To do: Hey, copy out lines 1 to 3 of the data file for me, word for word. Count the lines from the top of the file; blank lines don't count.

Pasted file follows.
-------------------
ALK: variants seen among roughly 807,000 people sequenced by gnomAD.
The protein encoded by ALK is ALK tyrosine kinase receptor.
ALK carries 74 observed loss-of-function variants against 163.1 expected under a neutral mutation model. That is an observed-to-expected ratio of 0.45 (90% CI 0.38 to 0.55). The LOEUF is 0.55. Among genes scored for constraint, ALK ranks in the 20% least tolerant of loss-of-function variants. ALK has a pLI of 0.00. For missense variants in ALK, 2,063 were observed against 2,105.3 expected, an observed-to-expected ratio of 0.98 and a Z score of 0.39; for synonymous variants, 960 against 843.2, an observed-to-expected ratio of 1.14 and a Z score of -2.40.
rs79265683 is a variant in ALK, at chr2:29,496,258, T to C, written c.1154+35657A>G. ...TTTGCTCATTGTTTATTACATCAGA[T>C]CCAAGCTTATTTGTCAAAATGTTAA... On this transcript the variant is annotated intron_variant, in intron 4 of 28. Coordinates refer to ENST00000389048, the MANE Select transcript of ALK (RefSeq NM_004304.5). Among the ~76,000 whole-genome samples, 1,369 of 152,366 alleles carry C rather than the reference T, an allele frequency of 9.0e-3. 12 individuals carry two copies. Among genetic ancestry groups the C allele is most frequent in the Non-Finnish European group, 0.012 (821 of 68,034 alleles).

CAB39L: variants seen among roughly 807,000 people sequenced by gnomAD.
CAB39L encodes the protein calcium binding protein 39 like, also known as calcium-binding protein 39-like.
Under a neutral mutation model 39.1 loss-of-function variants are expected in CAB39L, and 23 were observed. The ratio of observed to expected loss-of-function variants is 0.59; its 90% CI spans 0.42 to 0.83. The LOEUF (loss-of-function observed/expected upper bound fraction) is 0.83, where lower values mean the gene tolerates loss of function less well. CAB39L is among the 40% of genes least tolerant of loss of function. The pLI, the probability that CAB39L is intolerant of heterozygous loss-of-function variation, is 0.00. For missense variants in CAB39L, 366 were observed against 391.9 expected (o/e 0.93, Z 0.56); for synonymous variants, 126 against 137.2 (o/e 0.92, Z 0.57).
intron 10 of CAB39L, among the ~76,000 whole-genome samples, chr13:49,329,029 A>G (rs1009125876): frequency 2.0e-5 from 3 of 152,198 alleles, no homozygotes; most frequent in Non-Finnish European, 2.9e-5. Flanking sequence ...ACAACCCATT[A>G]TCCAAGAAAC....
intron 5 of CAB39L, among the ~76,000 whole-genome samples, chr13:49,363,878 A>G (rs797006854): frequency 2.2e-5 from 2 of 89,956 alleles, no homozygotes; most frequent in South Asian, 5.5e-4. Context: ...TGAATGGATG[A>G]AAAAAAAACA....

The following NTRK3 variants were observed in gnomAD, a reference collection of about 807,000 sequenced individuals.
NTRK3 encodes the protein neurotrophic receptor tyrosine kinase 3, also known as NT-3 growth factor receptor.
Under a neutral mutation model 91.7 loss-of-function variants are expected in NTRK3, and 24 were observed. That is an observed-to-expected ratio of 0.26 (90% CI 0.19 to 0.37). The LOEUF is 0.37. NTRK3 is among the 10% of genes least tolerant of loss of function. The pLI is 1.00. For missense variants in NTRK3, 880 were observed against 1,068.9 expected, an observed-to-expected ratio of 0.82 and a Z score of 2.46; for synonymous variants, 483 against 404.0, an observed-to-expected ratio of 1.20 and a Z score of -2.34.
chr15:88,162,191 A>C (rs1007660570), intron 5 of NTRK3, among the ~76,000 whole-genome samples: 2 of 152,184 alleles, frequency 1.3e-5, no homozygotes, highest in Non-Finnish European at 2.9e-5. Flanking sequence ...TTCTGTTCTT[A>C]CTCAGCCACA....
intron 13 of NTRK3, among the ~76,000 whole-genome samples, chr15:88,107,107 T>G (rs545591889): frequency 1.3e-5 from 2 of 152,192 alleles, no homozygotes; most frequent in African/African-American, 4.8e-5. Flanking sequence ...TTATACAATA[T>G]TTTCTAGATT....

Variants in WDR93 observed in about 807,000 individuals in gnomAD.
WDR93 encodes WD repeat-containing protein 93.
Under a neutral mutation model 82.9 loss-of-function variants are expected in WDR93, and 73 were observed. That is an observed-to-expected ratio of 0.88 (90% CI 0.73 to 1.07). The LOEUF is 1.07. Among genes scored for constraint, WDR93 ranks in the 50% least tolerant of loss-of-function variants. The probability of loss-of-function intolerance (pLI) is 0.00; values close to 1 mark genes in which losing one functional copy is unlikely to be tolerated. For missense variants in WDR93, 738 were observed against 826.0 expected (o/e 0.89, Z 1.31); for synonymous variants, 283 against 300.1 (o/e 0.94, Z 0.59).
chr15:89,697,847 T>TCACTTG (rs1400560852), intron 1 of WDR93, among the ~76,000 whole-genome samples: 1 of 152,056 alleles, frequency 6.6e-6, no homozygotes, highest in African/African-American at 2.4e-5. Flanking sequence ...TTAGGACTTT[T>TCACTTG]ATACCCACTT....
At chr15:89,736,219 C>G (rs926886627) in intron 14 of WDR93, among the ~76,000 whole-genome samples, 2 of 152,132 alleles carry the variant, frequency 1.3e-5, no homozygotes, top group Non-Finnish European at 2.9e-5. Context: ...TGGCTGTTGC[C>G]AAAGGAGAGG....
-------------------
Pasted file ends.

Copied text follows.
ALK: variants seen among roughly 807,000 people sequenced by gnomAD.
The protein encoded by ALK is ALK tyrosine kinase receptor.
ALK carries 74 observed loss-of-function variants against 163.1 expected under a neutral mutation model. That is an observed-to-expected ratio of 0.45 (90% CI 0.38 to 0.55). The LOEUF is 0.55. Among genes scored for constraint, ALK ranks in the 20% least tolerant of loss-of-function variants. ALK has a pLI of 0.00. For missense variants in ALK, 2,063 were observed against 2,105.3 expected, an observed-to-expected ratio of 0.98 and a Z score of 0.39; for synonymous variants, 960 against 843.2, an observed-to-expected ratio of 1.14 and a Z score of -2.40.